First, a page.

Hyannis, Massachusetts [RenewableEnergyAccess.com] The most recent Department of Defense (DOD) report analyzing the effects of offshore wind turbines on early warning radar missile defense systems is good news for Massachusetts’ highly publicized Cape Wind project, which is scheduled to come online in 2010.
Issued by the Missile Defense Agency, the nine-page report recommends a 25-kilometer (km) wind turbine offset or buffer zone be established to “mitigate impact” on the PAVE PAWS early warning radar system at the Cape Cod Air Force Station (AFS).
The Cape Wind project in Nantucket Sound, with its 130 GE 3.6-megawatt XL wind turbines in Nantucket Sound, falls just outside this zone. In addition, the analysis shows the wind turbines in Hull, Massachusetts, are also beyond the recommended buffer.
“The report is clear,” said Mark Rodgers, spokesman for Cape Wind Associates, the Boston-based company behind the project. “Cape Wind is outside of the wind turbine offset zone…it puts the PAVE PAWS issue to rest.”
PAVE PAWS is an Air Force phased array radar system with two primary missions: missile warning and space surveillance. While providing surveillance, it is capable of detecting and tracking Inter-Continental Ballistic Missiles and Submarine Launched Ballistic Missiles that enter its field of view. After detection, the objects are continuously tracked. The second mission is to support the Space Surveillance Network, which involves the surveillance and tracking of earth satellites and identification of other space objects.
Opponents of the Cape Wind project argue that building an offshore wind farm just 27.3 km from PAVE PAWS—just a few miles outside the reccommend offset zone—is too great a risk and leaves no margin for error in terms of national security.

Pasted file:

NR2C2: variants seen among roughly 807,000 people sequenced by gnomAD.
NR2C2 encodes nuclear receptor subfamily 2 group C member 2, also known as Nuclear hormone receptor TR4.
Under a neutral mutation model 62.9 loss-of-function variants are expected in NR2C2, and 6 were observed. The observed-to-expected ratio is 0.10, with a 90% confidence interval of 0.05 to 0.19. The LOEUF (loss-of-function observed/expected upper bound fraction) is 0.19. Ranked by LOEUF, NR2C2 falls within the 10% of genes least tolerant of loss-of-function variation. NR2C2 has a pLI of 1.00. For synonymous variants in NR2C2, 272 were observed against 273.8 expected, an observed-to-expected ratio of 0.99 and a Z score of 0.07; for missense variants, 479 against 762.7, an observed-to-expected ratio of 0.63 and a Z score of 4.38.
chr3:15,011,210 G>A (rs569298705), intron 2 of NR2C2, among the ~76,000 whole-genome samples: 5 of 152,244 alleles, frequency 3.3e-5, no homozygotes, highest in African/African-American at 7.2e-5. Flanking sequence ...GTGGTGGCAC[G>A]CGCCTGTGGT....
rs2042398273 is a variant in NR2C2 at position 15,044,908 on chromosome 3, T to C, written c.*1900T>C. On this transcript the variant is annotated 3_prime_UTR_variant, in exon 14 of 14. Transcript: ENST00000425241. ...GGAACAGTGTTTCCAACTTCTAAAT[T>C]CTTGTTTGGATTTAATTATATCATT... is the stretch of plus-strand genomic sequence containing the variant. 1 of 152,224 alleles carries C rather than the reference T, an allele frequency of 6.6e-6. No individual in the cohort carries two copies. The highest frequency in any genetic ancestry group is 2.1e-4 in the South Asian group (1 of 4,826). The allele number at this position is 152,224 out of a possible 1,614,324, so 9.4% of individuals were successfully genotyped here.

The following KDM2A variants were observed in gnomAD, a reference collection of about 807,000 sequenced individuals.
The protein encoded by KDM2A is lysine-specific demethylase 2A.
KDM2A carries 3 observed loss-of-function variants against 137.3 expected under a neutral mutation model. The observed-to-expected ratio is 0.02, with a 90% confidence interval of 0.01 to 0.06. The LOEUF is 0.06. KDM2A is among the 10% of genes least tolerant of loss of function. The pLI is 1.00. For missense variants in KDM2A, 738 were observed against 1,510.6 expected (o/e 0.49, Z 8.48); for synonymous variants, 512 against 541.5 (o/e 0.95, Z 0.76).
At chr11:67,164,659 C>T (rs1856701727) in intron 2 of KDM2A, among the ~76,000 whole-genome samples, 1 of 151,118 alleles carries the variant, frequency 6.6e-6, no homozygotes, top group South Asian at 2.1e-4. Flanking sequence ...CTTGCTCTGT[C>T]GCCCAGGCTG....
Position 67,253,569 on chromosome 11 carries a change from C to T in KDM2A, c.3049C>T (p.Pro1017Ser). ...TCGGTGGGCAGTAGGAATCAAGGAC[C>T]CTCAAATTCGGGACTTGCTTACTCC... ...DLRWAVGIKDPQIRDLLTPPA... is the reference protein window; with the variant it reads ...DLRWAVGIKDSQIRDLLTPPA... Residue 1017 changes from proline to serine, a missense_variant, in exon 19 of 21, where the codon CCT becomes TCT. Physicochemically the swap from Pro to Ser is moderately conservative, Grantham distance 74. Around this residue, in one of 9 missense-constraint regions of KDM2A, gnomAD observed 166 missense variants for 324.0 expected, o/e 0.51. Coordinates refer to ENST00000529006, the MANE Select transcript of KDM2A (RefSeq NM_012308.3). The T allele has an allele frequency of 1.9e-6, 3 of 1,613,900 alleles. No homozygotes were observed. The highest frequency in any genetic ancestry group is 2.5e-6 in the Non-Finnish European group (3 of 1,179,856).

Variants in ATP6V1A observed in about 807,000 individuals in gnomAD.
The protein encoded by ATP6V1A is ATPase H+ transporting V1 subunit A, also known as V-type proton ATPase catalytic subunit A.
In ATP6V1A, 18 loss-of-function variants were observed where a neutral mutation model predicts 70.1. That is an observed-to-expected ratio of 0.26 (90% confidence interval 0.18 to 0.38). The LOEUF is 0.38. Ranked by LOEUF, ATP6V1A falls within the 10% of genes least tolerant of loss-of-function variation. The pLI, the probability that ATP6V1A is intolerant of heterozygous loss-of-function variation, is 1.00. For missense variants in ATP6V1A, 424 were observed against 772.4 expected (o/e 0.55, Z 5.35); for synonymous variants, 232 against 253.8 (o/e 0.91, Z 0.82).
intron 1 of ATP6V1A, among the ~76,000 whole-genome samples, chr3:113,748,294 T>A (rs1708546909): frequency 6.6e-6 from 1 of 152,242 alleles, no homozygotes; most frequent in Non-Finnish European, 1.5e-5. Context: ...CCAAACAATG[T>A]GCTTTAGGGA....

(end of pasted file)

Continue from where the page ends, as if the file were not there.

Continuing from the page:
“Why take chances on national security when we can eliminate the risk by siting this project elsewhere?” stated Alliance to Protect Nantucket Sound President and CEO Charles Vinick in a statement issued last week responding to the DOD report.
The analysis by the DOD, however, is the third such report to be issued in recent years that has found the Cape Wind project would not negatively impact or be a concern to the PAVE PAWS radar system. According to the nonprofit grassroots organization Clean Power Now, the analysis confirms what Lieutenant Colonel Gentry, commander of the 6th Space Warning Squadron at the Cape Cod Air Station has previously said, “There will be no impact from Cape Wind,” referring to recent findings from the Air Force Space Command.
“The enormous benefits of energy independence, sustainability, and avoidance of greenhouse gas from the Cape Wind project are now ready to be realized as the potential for radar interference has been effectively removed,” said Barbara Hill, Executive Director of Clean Power Now.
For wind turbines that lie within the 25 km offset zone, the report notes that further study would be required to assess the impact accounting for location within the radar’s field of view and the relative height of the wind turbine and the radar’s main beam.
The highly controversial 420-megawatt offshore wind farm is scheduled to be developed off the Cape Cod Coast in the Nantucket Sound. The closest land locations in different directions from the wind farm include Point Gammon in Yarmouth, 4.7 miles to the north; Cape Poge on Martha’s Vineyard, 5.5 miles to the southwest; and points in Nantucket approximately 11 miles to the south and southeast.